The African Union on Saturday condemned the "unconstitutional change of government" in Burkina Faso, a day after the second coup this year in the deeply poor and restive West African country.
Junior officers toppled a junta leader on Friday, saying he had failed to fight off militant attacks in the country.
"The chairperson calls upon the military to immediately and totally refrain from any acts of violence or threats to the civilian population, civil liberties, human rights," the AU said in a statement, calling for the restoration of the constitutional order by July 2024.
AU chief Moussa Faki Mahamat said he was deeply concerned about the resurgence of unconstitutional ousters in the West African nation and elsewhere on the continent.
In Burkina Faso's capital, Ouagadougou, an uneasy calm reigned as soldiers in armored vehicles and pickup trucks guarded the national television center, but traffic slowly resumed on arterial roads.
Shops slowly started reopening in the dusty and spread-out city, where pre-dawn gunfire on Friday around the presidential palace culminated in the latest coup that drew wide condemnation.
The Economic Community of West African States regional bloc "condemned in the strongest possible terms" the latest seizure of power, calling it inappropriate at a time when progress was being made for a return to constitutional order by July 1, 2024.
Burkina Faso's former colonial power, France, told its citizens in Ouagadougou, believed to number between 4,000 and 5,000, to stay home, while the European Union expressed "concern" at the unfolding events.
The United States called "for a return to calm and restraint by all actors."
Just before 8:00 pm (2000 GMT) on Friday, more than a dozen soldiers in fatigues appeared on the state television and radio broadcaster to announce the removal of Lieutenant-Colonel Paul-Henri Sandaogo Damiba.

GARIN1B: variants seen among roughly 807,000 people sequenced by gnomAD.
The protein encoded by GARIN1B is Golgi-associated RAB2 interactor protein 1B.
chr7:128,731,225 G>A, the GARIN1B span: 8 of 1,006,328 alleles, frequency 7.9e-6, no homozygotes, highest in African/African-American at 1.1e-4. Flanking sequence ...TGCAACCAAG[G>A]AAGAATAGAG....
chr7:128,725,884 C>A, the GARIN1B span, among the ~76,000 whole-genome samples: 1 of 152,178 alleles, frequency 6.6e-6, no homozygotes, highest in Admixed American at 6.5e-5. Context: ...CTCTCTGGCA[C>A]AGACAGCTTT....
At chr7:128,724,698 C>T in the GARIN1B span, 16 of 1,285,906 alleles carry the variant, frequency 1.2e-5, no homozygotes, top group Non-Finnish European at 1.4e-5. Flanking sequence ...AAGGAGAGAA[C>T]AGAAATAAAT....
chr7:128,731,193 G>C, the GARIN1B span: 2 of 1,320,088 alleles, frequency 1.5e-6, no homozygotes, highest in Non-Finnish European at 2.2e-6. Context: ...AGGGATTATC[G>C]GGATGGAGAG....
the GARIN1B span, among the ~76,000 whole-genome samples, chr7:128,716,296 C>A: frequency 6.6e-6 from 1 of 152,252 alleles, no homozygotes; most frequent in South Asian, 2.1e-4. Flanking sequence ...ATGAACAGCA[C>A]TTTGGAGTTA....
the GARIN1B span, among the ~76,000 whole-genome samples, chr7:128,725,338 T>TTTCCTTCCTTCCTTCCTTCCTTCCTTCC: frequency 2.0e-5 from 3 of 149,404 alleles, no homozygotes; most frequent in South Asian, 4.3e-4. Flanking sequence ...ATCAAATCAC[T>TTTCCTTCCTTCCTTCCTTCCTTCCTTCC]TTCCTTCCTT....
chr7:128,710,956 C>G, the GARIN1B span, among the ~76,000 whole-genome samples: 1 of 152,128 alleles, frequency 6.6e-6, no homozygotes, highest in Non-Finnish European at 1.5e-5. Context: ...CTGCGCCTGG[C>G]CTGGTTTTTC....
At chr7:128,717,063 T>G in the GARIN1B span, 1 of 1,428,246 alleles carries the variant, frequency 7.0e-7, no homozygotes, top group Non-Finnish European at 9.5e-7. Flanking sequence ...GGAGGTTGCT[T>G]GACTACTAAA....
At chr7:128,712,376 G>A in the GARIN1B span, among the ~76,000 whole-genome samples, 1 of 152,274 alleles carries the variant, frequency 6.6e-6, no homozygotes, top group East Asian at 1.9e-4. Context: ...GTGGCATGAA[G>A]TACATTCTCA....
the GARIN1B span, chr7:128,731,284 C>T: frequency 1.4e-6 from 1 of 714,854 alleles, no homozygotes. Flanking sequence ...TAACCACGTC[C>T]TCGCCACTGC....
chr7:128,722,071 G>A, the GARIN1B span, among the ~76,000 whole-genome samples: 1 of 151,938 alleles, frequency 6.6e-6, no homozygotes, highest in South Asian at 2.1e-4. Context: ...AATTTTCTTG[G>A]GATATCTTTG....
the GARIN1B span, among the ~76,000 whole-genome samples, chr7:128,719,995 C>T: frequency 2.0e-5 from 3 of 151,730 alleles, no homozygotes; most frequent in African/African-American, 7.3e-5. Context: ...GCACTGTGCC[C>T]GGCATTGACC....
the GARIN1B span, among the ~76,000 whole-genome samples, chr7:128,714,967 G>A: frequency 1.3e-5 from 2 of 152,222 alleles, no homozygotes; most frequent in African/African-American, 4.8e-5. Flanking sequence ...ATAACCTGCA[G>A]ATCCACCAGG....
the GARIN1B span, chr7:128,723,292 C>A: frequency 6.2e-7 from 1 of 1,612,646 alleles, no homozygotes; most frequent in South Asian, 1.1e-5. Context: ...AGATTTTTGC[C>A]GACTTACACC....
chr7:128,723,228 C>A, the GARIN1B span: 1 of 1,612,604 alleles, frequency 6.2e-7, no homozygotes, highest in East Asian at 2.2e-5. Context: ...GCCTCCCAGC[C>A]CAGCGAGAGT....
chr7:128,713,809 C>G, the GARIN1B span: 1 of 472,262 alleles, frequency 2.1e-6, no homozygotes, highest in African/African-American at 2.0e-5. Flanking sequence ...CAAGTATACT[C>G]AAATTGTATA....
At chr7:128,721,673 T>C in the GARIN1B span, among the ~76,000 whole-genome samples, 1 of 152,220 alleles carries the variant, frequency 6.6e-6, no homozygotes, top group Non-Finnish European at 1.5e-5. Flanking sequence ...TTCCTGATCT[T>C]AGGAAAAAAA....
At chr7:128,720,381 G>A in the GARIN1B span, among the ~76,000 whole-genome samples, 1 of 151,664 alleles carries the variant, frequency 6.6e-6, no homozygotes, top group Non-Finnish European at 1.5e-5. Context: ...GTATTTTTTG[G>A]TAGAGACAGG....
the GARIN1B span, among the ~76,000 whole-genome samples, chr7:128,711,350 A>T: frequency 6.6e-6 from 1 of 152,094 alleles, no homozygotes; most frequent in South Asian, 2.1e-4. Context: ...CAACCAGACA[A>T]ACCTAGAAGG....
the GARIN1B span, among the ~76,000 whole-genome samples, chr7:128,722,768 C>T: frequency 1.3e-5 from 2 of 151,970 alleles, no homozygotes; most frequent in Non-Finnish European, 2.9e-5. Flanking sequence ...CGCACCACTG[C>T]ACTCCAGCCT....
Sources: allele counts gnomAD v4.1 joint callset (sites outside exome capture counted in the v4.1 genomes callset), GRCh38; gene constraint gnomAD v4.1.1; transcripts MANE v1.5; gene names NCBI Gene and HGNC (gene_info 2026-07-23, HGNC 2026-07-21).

They proclaimed 34-year-old Captain Ibrahim Traore in charge.
"We have decided to take our responsibilities, driven by a single ideal: the restoration of security and integrity of our territory," they said.
"Damiba failed. Since he came to power, the zones that were peaceful were attacked. He took power but then he betrayed us," Habibata Rouamba, a trader and activist said on Saturday.
In January, Damiba installed himself as leader of the country of 16 million after accusing elected president Roch Marc Christian Kabore of failing to beat back militants.
Damiba's fate remains unknown.
Burkina army dismisses coup claim as 'internal crisis'
Meanwhile, Burkina Faso's army on Saturday dismissed a claim by junior officers that they had seized power in the West African country as an "internal crisis."
In its first reaction since late Friday, the army's general staff, however, appeared not to recognize the coup.
"Following an internal crisis within the national armed forces, a few units have taken control of some arteries of the city of Ouagadougou, demanding the departure of Lieutenant-Colonel (Paul-Henri Sandaogo) Damiba," it said in a statement.
"Dialogue is ongoing," it added.
Among a wave of international condemnation, UN Secretary General Antonio Guterres "strongly condemns any attempt to seize power by the force of arms and calls on all actors to refrain from violence and seek dialogue," his spokesman said in a statement Saturday.
"Burkina Faso needs peace, stability and unity to fight terrorist groups and criminal networks operating in parts of the country," the UN statement added.